Now that said Canada has a long long way to go to expect to be taken seriously given its worse record on environmental protection. So more importantly and to achieve that goal we need to run a much much tighter ship as far as controlling our government. You know me, that means fantasies of monitoring the uppermost echelons of government to an extent that would make Orwell blush.

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Pollution from Canadian refineries an ‘embarrassment’ compared with U.S.

“It’s almost mind-boggling when you look at these numbers,” said Elaine MacDonald, an environmental engineer with the non-profit EcoJustice. “It would be quite an embarrassment to Canada for this data to be made public because it does show how far behind we are compared to the U.S.”

The key culprit behind the Canada/U.S. emissions gap, say experts, is less rigorous industry regulation and enforcement in Canada.

 

The technology and even established protocols to monitor is on the shelf now and has been for years so don't tell me its impossible to omit virtue when it comes to our economic interests - fishermen, the biggest liars on the planet, use cameras, black boxes, validators, auditors, and human observers when necessary to keep them on the straight and narrow after all. If we can be thwarted from lying and cheating our way around the rules so can anyone.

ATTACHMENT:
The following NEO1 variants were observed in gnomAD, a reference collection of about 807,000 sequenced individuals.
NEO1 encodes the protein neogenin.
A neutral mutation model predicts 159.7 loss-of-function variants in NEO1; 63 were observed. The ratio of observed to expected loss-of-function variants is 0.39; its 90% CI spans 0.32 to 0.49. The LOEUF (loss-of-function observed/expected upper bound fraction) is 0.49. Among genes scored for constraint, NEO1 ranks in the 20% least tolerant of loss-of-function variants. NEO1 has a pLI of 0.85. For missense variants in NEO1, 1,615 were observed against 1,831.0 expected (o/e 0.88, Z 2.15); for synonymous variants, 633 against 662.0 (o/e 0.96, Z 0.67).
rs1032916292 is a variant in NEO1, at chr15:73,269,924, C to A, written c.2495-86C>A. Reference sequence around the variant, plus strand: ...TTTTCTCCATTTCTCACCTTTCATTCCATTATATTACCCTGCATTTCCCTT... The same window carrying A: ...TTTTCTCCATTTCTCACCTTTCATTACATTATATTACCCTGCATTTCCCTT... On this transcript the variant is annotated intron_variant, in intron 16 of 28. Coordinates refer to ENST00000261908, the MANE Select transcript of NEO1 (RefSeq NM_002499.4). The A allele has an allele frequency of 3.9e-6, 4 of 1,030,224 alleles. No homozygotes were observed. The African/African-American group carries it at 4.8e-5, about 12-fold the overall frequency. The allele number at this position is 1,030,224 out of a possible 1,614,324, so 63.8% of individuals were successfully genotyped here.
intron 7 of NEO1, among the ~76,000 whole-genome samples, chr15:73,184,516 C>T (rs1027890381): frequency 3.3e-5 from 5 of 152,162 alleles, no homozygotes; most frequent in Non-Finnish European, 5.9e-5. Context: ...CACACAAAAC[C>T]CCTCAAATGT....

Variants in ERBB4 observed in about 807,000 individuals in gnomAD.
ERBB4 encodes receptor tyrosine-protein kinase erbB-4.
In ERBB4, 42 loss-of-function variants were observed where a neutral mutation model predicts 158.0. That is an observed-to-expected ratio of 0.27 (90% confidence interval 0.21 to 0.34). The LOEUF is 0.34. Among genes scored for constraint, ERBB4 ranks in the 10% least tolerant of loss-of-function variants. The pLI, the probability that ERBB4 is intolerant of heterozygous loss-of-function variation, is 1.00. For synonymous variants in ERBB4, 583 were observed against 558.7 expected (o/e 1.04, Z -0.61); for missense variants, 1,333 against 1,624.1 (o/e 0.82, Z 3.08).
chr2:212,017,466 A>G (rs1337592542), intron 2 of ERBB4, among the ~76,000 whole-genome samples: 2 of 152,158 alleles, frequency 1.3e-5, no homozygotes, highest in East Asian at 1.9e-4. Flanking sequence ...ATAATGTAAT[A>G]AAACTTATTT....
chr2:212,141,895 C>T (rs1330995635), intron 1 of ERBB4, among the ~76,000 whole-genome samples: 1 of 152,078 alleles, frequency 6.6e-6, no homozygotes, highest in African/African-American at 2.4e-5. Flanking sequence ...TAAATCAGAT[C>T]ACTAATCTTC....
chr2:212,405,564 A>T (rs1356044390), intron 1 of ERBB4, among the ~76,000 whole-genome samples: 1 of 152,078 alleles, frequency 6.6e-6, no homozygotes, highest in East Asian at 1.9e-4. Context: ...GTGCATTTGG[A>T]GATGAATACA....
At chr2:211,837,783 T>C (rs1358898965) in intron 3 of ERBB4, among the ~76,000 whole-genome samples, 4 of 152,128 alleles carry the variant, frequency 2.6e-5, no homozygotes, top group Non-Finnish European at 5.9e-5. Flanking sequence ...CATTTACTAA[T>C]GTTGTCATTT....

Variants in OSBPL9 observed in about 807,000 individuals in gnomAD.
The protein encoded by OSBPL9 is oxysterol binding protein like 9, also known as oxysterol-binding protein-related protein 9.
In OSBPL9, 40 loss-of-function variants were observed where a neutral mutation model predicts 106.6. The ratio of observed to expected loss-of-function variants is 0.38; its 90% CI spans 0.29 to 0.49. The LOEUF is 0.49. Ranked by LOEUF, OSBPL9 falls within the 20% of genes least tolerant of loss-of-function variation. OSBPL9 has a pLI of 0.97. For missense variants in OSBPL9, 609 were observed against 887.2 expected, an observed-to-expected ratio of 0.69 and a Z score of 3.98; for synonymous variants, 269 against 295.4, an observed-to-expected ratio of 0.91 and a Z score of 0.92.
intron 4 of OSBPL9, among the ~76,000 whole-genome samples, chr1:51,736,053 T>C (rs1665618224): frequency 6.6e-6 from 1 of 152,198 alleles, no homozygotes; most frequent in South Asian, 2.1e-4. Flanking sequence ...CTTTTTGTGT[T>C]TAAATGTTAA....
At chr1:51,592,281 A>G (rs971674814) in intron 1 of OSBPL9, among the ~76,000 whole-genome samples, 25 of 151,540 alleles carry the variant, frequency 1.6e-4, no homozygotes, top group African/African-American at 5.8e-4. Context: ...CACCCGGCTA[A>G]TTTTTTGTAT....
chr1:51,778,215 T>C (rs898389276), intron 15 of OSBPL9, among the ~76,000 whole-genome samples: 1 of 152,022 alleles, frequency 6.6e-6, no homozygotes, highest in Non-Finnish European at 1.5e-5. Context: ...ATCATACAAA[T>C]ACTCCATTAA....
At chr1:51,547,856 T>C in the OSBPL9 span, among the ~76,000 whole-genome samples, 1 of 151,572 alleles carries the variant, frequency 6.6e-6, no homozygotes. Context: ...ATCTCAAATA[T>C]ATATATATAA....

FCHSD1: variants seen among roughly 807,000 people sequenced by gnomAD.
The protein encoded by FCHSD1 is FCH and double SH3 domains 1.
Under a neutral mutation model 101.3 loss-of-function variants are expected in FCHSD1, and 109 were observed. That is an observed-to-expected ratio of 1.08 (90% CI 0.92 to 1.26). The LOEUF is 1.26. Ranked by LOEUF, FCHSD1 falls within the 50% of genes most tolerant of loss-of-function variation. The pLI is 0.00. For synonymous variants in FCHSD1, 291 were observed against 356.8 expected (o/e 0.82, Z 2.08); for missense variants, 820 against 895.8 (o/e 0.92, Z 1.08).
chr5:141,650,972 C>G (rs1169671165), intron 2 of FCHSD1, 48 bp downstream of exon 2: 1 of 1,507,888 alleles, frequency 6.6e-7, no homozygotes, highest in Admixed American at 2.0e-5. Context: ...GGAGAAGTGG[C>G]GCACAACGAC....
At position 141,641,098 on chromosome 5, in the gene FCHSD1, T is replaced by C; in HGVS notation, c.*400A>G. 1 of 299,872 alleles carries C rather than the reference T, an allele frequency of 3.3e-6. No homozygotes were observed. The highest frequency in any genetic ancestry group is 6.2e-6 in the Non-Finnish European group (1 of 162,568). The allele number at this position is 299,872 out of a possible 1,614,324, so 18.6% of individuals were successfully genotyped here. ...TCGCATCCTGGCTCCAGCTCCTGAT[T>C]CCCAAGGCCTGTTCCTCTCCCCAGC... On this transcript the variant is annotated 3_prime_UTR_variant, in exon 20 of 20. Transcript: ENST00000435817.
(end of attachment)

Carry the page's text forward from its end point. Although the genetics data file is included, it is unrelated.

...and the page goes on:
Don't try to say it can't be done to someone who's done it.

Edited by eyeball

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15 hours ago, eyeball said:

Someone will have to start the bending why not Canada?

As is often noted there's not much point to making a global effort when there are deadbeats who insist on refusing to get with the program. So they will have to be forced, kicking and screaming all the way if they insist but dragged nonetheless into compliance.  Sanctions in other words.

Now that said Canada has a long long way to go to expect to be taken seriously given its worse record on environmental protection. So more importantly and to achieve that goal we need to run a much much tighter ship as far as controlling our government. You know me, that means fantasies of monitoring the uppermost echelons of government to an extent that would make Orwell blush.

The technology and even established protocols to monitor is on the shelf now and has been for years so don't tell me its impossible to omit virtue when it comes to our economic interests - fishermen, the biggest liars on the planet, use cameras, black boxes, validators, auditors, and human observers when necessary to keep them on the straight and narrow after all. If we can be thwarted from lying and cheating our way around the rules so can anyone.

Don't try to say it can't be done to someone who's done it.